The University of Arkansas for Medical Sciences (UAMS) is shedding almost 600 jobs, by eliminating over 300 unfilled positions and instituting 258 UAMS layoffs in 2018.
The UAMS cost savings will be an estimated $26 million–$30.0 million for this fiscal year, and could jump to $60.0 million by fiscal-year 2019. But, even with these deep and far-reaching cuts, the hospital and school may still face a severe deficit. The UAMS budget is expected to rack up a deficit of anywhere from $39.0 million to $72.0 million.
The UAMS job cuts are, in a way, a long time coming. UAMS has run a deficit for three of the past four years, and has found itself floundering as healthcare prices have risen, even as profits have also jumped.
“This is an extremely sad day and the first major reduction in force that I can remember,” read an internal e-mail circulating at UAMS. “This is not an action that anyone is taking lightly and it is not being undertaken because of performance issues but simply because we do not have the money to fund everything we have in the past.”
The UAMS layoffs in 2018 are part of larger issues facing many universities and healthcare practitioners across the country. Many workers in the healthcare industry are being asked to deliver excellent services while struggling against budget constraints. One of the biggest irritants on the market has been the back-and-forth in Washington over the Affordable Care Act (ACA), also known as “Obamacare”.
With Republicans repeatedly trying to repeal the bill, insurance companies began pricing the uncertainty of the healthcare legislation into their premiums. To make things worse, people who qualified for ACA coverage or who had their healthcare supplemented by the bill found themselves unwilling to visit hospitals, due to their fear that the ACA repeal would leave them without a means to pay for their healthcare.
This uncertainty, combined with general bumps in healthcare costs, have created a tough economic climate for healthcare providers.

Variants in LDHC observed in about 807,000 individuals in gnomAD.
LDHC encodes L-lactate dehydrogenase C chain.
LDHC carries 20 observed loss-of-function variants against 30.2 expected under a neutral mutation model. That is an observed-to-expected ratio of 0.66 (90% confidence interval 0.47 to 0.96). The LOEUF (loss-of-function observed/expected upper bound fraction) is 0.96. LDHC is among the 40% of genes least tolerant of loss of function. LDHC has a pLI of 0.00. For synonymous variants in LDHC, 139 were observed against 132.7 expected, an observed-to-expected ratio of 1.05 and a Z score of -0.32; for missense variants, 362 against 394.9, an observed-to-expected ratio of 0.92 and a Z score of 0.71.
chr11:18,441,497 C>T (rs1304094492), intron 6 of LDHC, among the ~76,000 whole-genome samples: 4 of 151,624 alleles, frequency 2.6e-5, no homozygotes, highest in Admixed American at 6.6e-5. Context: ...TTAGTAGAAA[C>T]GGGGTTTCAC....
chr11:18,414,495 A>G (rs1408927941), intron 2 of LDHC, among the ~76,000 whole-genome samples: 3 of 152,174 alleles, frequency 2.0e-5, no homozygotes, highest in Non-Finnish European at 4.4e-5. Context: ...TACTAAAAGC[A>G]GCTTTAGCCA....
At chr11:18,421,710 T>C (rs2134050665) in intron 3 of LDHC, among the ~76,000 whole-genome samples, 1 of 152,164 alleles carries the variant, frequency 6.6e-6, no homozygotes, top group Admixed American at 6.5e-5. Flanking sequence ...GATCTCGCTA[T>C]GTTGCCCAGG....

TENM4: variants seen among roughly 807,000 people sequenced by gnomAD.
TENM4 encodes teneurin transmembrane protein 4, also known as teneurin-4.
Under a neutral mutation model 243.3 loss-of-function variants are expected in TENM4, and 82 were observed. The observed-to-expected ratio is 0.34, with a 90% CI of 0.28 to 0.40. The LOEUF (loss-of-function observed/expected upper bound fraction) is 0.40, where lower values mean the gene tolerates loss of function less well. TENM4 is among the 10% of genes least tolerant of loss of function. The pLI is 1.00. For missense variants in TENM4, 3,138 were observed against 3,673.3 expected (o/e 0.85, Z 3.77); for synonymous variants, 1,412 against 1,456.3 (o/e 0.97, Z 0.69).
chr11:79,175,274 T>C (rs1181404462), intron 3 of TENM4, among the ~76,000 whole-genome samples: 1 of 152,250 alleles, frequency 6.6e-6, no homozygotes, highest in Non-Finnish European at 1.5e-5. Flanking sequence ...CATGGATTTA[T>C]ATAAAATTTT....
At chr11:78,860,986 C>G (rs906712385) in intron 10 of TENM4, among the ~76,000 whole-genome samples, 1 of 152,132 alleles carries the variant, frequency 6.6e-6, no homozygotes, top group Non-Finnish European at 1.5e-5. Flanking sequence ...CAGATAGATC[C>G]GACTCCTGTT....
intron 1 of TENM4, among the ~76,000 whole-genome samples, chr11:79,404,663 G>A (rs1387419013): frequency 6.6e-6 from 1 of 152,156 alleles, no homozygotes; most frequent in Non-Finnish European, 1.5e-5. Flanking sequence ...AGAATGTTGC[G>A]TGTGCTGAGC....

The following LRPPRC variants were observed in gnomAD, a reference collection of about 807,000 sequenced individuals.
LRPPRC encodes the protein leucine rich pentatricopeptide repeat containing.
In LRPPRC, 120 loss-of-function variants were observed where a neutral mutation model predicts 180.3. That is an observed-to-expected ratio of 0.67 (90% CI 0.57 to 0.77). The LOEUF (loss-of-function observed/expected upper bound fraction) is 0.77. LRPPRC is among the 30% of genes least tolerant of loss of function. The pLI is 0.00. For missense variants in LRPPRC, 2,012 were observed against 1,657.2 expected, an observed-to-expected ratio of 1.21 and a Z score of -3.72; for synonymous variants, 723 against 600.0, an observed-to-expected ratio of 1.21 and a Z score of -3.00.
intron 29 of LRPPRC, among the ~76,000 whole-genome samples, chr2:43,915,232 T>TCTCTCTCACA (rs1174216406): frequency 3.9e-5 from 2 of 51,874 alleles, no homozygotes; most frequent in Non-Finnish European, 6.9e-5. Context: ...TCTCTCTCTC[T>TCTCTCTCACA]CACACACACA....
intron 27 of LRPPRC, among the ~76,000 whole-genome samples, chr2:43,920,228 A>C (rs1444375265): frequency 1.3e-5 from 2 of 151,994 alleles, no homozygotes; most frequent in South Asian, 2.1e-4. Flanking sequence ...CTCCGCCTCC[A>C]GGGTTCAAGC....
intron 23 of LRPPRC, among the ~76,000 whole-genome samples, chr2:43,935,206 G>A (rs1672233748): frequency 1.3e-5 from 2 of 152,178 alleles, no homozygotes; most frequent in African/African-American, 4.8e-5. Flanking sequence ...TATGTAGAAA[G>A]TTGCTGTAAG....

The UAMS layoffs in 2018 include positions being shed from the now-defunded UAMS Office of Global Health. This follows the closing of the PSYCH TLC program, which provided consultation for Arkansas primary care workers who cared for pediatric patients with mental health needs. That program was shuttered following the loss of $500,000 in funding.
The layoffs affect the state’s largest employer, which currently has 10,900 workers in 73 of the state’s 75 counties. The organization is estimated to have an economic impact of $3.0 billion. The UAMS hospital is the only Level One trauma center in Arkansas, and the only one to provide kidney and liver transplants, among other services.
UAMS is still looking for ways to shore up its budget, including automating some of its administrative processes. The organization assured the public that the quality of care would not be affected by these cuts.
Inadequate State Funding Adding to UAMS Budget Woes
One of the biggest factors contributing to the UAMS layoffs in 2018 is the shortage of state funding that the organization receives. In 2014, the institution had to borrow money to stay afloat, despite desperate pleas made to the statehouse.
At $39.0 million, the UAMS budget deficit is far too high for the organization to completely overcome with job cuts alone. The UAMS financial crisis comes while the institution has about $52.4 million in unrestricted assets, meaning that it can tap into these funds in the event of an emergency. But, considering the size of the deficit and the relatively meager unrestricted asset fund, even that money would do little to solve the problem in the long term.
UAMS receives about $106.6 million in funding from the state government, which is far less than what similar institutions receive. The majority of that funding is used to match Medicaid reimbursements, leaving UAMS with about $21.0 million when all is said and done. The institution was once allocated $120.0 million from the state, but that was cut following the passing of the ACA—the idea being that the new law would reduce the organization’s costs of treating Arkansas’s poorest patients.
Comparatively, the school is also underfunded when contrasted with other similar institutions. For example, the University of Mississippi Medical Center received $188.6 million in fiscal-year 2015, with no required reimbursements.
The UAMS hospital is one of the only bright spots on the school’s balance sheet, generating about 77% of revenues for the entire university. But, with the budget shrinking and UAMS layoffs in 2018 giving the new year a rough start, the school will have to find a way to right the ship or face further cuts.
“UAMS will reduce workforce by 600 positions, including 258 layoffs: UPDATE,” Arkansas Times, January 8, 2018.
“UAMS says more state aid crucial to maintain mission, quality,” Arkansas Times, December 14, 2017.
“UAMS Impact on Arkansas ‘Stronger Than Ever’,” University of Arkansas for Medical Sciences, February 26, 2017.